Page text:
While you slept: Neymar reveals injury scare, Pele cheers Brazil from hospital, Croatia won’t surrender against Brazil, says coach

Neymar scored his 76th goal, one short of Pele’s all-time record for Brazil as they defeated South Korea 4–1 to progress to the quarter-finals for their eighth consecutive World Cup.

After the match, the Brazil striker revealed he feared his World Cup was over after spraining his ankle against Serbia two weeks ago.

“I was thinking about a million different things,” he said.

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“I was afraid I wouldn’t be able to play this World Cup again, but I have the support of all my colleagues, my family and I tried to find strength where I couldn’t find it. Reading all the encouraging messages helped my recovery.

“I felt nothing on the ankle. “I think I played well, but there is always room for improvement.”

At full-time, Neymar carried a banner bearing the name of Brazilian legend Pelé on the pitch.

“It’s hard to put it into words,” said Neymar.

“I wish Pele the best. He will get healthier very soon, I am sure.”

Pelé applauds Brazil

Brazil great Pelé cheered on his country’s national team against South Korea from hospital, where he is being treated for a respiratory infection aggravated by Covid-19.

“In 1958 I was walking the streets thinking about keeping the promise I made to my father,” the three-time World Cup winner wrote on Twitter, alongside a photo of a then 17-year-old Pele.

“I know many have made similar promises today and are also looking for their first World Cup. I will watch the game from the hospital and keep my fingers crossed for you all. Good luck!”

Pelé is in hospital, but one of his daughters has denied that the 82-year-old is receiving palliative care.

Croatia not surrendering against Brazil: Coach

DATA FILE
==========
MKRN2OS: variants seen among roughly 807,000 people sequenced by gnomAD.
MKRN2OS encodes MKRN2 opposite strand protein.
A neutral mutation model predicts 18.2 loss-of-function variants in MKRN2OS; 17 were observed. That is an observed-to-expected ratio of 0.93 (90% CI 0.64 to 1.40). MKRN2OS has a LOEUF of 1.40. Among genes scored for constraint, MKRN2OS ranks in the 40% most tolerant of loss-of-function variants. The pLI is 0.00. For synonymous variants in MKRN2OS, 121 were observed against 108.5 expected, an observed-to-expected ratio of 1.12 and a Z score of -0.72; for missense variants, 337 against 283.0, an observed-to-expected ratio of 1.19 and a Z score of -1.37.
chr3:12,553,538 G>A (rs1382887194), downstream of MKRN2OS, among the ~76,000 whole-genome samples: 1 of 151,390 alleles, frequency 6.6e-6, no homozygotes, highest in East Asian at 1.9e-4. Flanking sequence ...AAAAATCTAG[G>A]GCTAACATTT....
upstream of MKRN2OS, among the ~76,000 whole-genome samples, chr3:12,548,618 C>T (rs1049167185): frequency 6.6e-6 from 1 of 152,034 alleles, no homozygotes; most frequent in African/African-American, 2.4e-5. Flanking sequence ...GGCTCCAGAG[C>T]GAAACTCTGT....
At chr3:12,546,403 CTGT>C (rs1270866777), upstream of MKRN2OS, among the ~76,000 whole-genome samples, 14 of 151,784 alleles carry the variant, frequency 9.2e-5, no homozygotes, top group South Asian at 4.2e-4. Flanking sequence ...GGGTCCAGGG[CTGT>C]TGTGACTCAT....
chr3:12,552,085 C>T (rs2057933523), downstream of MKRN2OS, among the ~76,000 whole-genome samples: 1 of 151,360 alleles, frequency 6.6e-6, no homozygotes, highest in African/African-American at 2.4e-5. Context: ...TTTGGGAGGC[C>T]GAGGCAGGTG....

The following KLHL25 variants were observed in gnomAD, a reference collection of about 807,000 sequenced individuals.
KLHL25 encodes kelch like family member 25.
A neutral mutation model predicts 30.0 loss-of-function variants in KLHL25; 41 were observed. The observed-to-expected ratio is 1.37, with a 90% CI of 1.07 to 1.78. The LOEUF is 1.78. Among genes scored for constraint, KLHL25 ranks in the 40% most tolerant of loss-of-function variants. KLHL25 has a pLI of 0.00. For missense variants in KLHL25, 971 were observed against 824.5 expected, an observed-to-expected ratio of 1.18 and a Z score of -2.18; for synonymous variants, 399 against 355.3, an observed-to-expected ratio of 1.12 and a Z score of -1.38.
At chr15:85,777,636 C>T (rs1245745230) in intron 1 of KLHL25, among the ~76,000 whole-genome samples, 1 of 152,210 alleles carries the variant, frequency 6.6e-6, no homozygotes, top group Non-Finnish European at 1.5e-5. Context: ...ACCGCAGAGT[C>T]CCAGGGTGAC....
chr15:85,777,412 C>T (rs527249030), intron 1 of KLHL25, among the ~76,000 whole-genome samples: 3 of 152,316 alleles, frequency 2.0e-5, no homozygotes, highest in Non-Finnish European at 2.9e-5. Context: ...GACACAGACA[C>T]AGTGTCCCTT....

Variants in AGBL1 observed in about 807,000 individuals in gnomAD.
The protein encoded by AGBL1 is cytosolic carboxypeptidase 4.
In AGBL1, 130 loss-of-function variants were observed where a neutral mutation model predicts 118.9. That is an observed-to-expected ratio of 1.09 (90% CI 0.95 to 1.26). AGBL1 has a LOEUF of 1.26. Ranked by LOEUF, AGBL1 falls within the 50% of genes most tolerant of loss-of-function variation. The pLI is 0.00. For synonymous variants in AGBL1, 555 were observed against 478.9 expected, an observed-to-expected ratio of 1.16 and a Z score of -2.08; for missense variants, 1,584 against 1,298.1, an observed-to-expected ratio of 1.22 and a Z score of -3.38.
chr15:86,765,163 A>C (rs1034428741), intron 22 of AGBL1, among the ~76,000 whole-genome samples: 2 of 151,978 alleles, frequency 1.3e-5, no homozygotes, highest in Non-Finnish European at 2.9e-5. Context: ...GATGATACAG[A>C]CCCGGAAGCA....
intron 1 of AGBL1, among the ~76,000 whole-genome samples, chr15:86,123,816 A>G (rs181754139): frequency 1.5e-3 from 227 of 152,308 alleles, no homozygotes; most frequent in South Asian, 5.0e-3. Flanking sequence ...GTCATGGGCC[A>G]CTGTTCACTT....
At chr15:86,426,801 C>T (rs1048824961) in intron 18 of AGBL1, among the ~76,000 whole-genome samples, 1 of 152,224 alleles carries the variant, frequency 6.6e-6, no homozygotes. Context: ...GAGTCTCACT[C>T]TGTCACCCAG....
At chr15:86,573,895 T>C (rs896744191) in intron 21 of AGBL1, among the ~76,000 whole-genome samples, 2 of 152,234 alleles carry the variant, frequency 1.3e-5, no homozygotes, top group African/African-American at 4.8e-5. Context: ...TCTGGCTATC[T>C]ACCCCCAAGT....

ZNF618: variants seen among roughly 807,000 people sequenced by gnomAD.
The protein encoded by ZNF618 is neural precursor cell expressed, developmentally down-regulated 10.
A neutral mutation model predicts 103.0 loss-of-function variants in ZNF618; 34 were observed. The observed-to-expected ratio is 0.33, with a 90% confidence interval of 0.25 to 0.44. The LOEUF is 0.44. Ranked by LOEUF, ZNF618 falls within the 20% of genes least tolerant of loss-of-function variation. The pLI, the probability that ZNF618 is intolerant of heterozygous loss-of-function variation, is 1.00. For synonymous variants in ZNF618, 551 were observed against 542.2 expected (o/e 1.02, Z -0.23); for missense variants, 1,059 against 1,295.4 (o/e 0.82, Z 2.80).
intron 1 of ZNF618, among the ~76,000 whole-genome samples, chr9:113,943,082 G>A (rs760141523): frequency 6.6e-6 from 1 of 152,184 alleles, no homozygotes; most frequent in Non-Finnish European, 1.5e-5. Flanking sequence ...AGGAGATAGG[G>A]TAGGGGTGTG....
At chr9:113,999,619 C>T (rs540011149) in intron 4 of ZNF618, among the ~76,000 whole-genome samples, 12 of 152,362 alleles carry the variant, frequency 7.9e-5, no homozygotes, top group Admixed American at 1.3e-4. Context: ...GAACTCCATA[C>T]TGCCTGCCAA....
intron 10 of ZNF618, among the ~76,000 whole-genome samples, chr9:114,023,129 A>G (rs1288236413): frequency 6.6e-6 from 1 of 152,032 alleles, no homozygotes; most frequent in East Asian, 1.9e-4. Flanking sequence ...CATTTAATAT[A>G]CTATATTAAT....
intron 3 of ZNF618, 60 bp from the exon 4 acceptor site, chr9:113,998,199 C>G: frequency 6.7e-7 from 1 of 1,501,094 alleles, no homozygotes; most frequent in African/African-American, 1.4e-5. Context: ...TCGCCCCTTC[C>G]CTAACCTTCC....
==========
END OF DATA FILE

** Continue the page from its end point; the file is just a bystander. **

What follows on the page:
Croatian national coach Zlatko Dalic has made it clear that his team will not surrender against Brazil in the quarterfinals of the World Cup.

The 2018 runners-up, and smallest remaining nation in the tournament, triumphed 3-1 on penalties to deny Japan a first appearance in the last eight.

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Six of Croatia’s last seven games in the knockout stage of a major tournament have gone into extra time and Dalic stressed that his team’s ability to recover from lost positions “reflects the Croatian people”, with a nod to the players’ psyche in which they grew up. a war-ravaged country as the former Yugoslavia fell apart in the 1990s.

“This generation is a resilient generation, they don’t give up and they reflect the spirit of the Croatian people who have been through so much pain. The Croatian national team brings so much pride and joy to our people. We give them confidence in a better future,” he said.

“We are a new generation of Croatian footballers, 18 were not at the World Cup in Russia and I said to them: ‘This is your chance to make history.’ We succeeded and the new players have their chance. I always say: don’t underestimate the Croatian people.”

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